Autumn Equinox is here! Why Summer is officially OVER in 2023 today


It’s time to swap your t-shirts for jumpers and pour yourself a large pumpkin spice latte – autumn is officially here!

Today marks the September Equinox, which is also known as astronomical autumn. 

The sun is directly above the equator and day and night are of equal length – roughly 12 hours each. 

For those of us in the northern hemisphere, today marks the start of autumn. 

Meanwhile, people living in the southern hemisphere will be waving hello to spring today.

It's time to swap your t-shirts for jumpers and pour yourself a large pumpkin spice latte - autumn is officially here

It’s time to swap your t-shirts for jumpers and pour yourself a large pumpkin spice latte – autumn is officially here

There are two separate dates that could be said to mark the start of autumn – astronomical autumn and meteorological autumn. 

Astronomical autumn begins today and is defined by Earth’s axis and orbit around the Sun. 

‘During an equinox the Sun shines directly over the equator resulting in nearly equal amounts of day and night throughout the world,’ NASA explained. 

The only exceptions are the North and South Pole, where the Sun approximately straddles the horizon for the entire day. 

From today, the Sun will gradually continue to rise later and set earlier in the Northern Hemisphere, making the days shorter and night longer. 

The opposite is true for the Southern Hemisphere, where the days begin to last longer and the nights shorter. 

Meanwhile, meteorological autumn is guided by annual temperature cycles.

‘Meteorological seasons are derived by splitting the year into four periods made up of three months each,’ The Met Office explained. 

‘These seasons are split to coincide with our Gregorian calendar, making it easier for meteorological observing and forecasting to compare seasonal and monthly statistics.’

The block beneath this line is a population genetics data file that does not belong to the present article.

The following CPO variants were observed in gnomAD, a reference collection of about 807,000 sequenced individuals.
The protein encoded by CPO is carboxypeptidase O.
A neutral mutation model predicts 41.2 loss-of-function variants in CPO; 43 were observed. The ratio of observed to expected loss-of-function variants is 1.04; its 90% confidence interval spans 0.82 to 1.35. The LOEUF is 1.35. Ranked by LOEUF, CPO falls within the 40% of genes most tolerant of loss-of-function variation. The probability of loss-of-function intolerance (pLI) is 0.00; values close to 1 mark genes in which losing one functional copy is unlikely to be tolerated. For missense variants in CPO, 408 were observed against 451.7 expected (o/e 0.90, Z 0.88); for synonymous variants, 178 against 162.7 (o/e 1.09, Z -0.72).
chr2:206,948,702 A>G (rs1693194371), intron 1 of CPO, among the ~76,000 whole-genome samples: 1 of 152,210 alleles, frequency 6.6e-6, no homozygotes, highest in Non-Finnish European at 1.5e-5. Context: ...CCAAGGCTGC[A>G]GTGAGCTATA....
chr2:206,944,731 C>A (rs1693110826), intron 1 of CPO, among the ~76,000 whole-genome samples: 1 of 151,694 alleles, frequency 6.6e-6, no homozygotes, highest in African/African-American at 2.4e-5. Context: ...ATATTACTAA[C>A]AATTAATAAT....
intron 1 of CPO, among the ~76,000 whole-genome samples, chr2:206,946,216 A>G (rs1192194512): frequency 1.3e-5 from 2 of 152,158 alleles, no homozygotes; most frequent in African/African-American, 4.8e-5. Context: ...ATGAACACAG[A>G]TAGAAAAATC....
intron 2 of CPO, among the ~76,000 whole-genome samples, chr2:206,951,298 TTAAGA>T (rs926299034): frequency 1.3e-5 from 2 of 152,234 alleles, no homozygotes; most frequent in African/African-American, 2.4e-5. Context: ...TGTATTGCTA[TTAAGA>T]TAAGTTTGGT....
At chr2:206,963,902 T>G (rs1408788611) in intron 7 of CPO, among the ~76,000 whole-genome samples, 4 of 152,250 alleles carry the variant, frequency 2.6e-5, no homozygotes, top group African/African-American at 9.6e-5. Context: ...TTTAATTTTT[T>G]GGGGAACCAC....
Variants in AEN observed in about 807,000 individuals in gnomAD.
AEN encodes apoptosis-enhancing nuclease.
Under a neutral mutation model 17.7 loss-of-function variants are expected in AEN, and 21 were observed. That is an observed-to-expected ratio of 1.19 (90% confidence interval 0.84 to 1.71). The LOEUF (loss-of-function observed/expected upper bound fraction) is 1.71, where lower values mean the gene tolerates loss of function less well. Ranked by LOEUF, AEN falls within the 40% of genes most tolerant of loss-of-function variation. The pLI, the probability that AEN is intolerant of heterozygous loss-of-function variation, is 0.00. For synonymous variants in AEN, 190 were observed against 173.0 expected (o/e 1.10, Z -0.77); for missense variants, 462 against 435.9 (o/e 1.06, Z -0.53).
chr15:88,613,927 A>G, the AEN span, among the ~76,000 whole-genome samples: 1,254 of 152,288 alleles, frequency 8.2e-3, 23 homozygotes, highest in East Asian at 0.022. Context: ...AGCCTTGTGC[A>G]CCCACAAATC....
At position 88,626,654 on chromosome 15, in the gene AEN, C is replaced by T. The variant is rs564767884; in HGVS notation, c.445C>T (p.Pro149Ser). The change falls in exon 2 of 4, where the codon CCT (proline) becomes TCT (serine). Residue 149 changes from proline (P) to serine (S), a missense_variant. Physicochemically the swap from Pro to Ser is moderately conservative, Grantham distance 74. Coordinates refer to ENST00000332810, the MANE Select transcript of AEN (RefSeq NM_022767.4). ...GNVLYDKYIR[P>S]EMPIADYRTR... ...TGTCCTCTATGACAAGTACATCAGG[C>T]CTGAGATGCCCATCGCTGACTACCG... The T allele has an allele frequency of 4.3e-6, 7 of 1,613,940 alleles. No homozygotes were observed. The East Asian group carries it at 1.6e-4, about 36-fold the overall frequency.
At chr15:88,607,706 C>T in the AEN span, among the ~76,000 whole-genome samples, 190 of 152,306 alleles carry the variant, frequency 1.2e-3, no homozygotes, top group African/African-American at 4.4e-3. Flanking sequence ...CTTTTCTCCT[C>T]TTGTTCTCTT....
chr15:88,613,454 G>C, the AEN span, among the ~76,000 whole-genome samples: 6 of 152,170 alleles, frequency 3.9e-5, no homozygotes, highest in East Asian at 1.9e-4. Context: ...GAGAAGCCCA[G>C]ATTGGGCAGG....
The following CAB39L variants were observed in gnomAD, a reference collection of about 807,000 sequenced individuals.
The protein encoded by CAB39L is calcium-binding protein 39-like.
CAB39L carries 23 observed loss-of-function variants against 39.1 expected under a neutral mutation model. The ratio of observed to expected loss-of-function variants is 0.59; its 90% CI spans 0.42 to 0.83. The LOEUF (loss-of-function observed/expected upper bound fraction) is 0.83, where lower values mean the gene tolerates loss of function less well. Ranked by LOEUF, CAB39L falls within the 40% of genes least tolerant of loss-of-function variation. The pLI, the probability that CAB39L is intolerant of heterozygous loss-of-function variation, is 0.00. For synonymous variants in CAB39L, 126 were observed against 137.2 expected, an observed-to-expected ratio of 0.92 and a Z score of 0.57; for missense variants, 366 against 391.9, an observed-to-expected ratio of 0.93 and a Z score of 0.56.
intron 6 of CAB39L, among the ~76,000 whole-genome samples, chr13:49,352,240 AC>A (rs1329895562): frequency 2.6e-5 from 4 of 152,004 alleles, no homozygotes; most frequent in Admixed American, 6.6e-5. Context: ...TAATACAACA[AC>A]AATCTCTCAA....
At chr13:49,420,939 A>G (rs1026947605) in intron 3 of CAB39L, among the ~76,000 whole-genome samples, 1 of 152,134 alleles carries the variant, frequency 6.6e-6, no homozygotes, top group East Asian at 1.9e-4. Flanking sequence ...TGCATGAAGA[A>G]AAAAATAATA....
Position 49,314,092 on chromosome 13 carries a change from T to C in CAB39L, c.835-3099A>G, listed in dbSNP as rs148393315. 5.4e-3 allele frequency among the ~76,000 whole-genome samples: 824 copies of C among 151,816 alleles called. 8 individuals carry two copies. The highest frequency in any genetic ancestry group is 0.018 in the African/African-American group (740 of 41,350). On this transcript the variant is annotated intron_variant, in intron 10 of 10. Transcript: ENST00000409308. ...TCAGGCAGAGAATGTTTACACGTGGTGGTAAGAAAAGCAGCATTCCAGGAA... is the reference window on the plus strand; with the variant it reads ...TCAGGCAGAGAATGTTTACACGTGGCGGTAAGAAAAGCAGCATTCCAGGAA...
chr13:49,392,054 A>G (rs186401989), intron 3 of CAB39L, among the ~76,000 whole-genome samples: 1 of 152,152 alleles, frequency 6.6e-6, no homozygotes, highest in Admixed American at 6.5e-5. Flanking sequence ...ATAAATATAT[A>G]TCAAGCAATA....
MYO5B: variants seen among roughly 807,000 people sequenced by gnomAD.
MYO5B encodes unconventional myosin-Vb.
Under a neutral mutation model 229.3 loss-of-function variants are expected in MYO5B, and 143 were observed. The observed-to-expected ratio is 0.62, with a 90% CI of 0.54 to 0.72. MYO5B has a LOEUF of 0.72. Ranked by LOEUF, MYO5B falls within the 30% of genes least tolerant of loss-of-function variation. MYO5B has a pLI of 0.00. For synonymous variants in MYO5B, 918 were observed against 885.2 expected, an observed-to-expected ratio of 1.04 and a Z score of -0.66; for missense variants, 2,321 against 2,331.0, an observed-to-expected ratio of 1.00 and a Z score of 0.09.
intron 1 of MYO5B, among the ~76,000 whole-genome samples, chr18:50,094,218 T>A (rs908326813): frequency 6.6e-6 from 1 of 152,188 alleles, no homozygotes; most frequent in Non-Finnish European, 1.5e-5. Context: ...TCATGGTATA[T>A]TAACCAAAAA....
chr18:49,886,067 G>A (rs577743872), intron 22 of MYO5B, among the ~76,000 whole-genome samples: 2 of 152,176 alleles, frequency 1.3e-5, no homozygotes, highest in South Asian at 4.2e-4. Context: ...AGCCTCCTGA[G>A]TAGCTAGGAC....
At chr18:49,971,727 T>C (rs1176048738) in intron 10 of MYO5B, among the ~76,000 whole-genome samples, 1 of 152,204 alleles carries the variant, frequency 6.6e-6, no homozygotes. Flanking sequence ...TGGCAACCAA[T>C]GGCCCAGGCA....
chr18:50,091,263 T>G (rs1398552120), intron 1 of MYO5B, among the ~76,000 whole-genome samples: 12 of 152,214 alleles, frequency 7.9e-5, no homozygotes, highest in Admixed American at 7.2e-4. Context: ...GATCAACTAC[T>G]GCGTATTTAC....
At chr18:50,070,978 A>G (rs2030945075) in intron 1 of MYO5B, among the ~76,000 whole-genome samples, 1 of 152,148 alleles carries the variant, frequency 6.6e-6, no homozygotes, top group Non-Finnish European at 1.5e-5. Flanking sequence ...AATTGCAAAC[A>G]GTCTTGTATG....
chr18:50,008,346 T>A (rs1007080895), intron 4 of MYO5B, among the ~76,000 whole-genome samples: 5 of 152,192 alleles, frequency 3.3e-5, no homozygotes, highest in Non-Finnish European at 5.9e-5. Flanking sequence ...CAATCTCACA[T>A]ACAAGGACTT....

By the meteorological calendar, we’re already a month into autumn, with the first day of autumn always 1 September; ending on 30 November. 

While the changing of the season is always pretty, experts from Forestry England say that the combination of a rainy spring with the record-breaking temperatures in June has paved the way for a particularly ‘spectacular autumn show.’

Today marks the September Equinox, which is also known as astronomical autumn. The sun is directly above the equator and day and night are of equal length - roughly 12 hours each

Today marks the September Equinox, which is also known as astronomical autumn. The sun is directly above the equator and day and night are of equal length – roughly 12 hours each

Met Office data shows that this spring was particularly wet, with rainfall across Britain 55 per cent higher than average. 

While this rain may have dampened many Britons’ spirits, it did wonders for the growth of the UK’s trees.   

‘This abundance of rain has helped set the stage for a stunning display of colourful leaves in autumn,’ Forestry England explained. 

‘This is because the rain provided plenty of moisture to the soil, which helps to promote strong and healthy growth.’

Following this rainy spring, Britain basked in record-breaking heat in June, with temperatures hitting a daily average of 15.8°C – 2.5°C higher than average.

This sunny weather allowed Britain’s trees to flourish, according to Forestry England.  

‘Plenty of sunshine has meant a good growing season for the nation’s forests, helping them build up plenty of the sugars which produce the stunning autumn reds, golds and oranges as they are absorbed back into the tree,’ it explained. 

‘Instead of following the usual pattern, the weather experienced in early spring could lead to a more gradual and enchanting shift in leaf colours this autumn, creating a beautiful mix of colours that are truly one-of-a-kind.’

The arrival of the autumn colours could also be influenced by the hot start to this month.

‘If temperatures remain high, this can delay the onset of autumn and the subsequent colour change in leaves,’ Forestry England said.

The leaves change colour when days become shorter and temperatures cool, with the green chlorophyll starting to disappear, leaving yellow and orange hues. 

‘So, while the warm weather may slightly alter the beginning of autumn, it can also extend it, offering more chances for people to witness nature’s splendid transformation,’ Forestry England added.  



Read More

Leave a comment

This website uses cookies to improve your experience. We'll assume you're ok with this, but you can opt-out if you wish. Accept Read More